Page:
One question that the court itself has raised is whether striking down the “marriage exception” would “create a new offence” that is, will the court need to define the law around what kind of sexual acts or behaviour would fall under “marital rape”. To this, the amicus curiae have essentially argued that striking down the exception would not result in the creation of a new law, since the law itself criminalises the act of forced sex. It now remains to be seen how the court will interpret this intricate legal issue.

 

Patriarchy and misogyny playing a central role in these discussions, one is bound to question whether criminalization, if achieved, will change anything. Madhu Bala, who works at Jagori, an NGO to raise awareness about violence against women, said that it will provide women some courage to speak out. Shaonli Chakraborty, Director of Swasti, an NGO that works for women’s health, said that in her experience, knowledge of law actually deters the perpetrator. Neha Singhal, a senior resident fellow at Vidhi Center for Legal Policy said that while it might not have an immediate effect on the ground, it will express society’s disapproval of the act, and that is a big win in itself.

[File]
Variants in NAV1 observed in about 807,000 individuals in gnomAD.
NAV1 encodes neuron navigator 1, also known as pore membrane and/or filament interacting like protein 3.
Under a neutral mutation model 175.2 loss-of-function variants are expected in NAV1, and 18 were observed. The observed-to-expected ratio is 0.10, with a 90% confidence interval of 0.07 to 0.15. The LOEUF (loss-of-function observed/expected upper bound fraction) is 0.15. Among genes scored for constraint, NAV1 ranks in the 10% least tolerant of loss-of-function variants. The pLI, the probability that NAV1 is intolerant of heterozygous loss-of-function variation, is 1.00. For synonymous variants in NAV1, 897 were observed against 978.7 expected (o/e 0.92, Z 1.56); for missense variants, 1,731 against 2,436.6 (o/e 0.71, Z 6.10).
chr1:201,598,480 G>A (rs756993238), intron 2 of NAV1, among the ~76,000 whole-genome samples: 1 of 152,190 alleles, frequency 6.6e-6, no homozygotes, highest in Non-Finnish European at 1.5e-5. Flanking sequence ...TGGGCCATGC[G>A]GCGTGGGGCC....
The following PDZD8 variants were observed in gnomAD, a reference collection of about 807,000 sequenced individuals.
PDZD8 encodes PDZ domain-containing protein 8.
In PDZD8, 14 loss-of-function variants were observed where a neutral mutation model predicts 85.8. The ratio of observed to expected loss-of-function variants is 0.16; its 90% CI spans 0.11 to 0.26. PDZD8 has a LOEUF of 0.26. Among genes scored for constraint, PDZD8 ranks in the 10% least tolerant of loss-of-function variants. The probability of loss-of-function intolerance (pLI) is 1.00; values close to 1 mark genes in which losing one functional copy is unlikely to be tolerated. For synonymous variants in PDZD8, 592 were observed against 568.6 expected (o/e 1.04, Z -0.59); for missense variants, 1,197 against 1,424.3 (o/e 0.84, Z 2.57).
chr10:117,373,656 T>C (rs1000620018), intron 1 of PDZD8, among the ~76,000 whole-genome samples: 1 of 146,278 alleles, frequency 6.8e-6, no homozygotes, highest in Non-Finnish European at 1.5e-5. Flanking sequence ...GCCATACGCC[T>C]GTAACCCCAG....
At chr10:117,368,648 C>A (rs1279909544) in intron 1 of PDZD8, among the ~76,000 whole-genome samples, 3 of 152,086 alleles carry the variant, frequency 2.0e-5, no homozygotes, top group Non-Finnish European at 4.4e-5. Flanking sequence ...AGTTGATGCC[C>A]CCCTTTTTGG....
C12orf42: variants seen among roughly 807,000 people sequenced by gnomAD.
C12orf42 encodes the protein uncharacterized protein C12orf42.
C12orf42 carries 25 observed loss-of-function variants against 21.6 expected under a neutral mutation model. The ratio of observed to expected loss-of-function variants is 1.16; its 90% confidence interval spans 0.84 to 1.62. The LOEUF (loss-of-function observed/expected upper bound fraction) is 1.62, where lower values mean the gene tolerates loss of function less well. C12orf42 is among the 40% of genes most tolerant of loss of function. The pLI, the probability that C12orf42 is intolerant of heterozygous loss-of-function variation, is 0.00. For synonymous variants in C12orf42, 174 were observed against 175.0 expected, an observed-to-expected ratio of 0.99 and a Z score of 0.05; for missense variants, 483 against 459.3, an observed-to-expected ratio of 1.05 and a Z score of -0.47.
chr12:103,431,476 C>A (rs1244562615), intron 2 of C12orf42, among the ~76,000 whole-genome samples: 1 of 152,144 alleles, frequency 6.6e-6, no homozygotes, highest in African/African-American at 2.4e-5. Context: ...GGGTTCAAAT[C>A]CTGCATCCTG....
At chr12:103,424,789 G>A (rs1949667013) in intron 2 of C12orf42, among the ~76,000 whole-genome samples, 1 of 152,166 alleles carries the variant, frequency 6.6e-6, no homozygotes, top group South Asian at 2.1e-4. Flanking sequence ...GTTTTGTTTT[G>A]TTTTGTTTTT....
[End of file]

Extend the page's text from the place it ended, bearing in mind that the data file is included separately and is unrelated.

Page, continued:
Out of 195 countries in the world, 140 have already criminalized martial rape. In India, its criminalization has remained long overdue. We hope that the Court puts an end to the long, lonely battle that marital rape victims have been fighting all their lives, and provide legal remedial relief. This win could become a catalyst for change in perception of coming generations with respect to the whole concept of marriage and rape.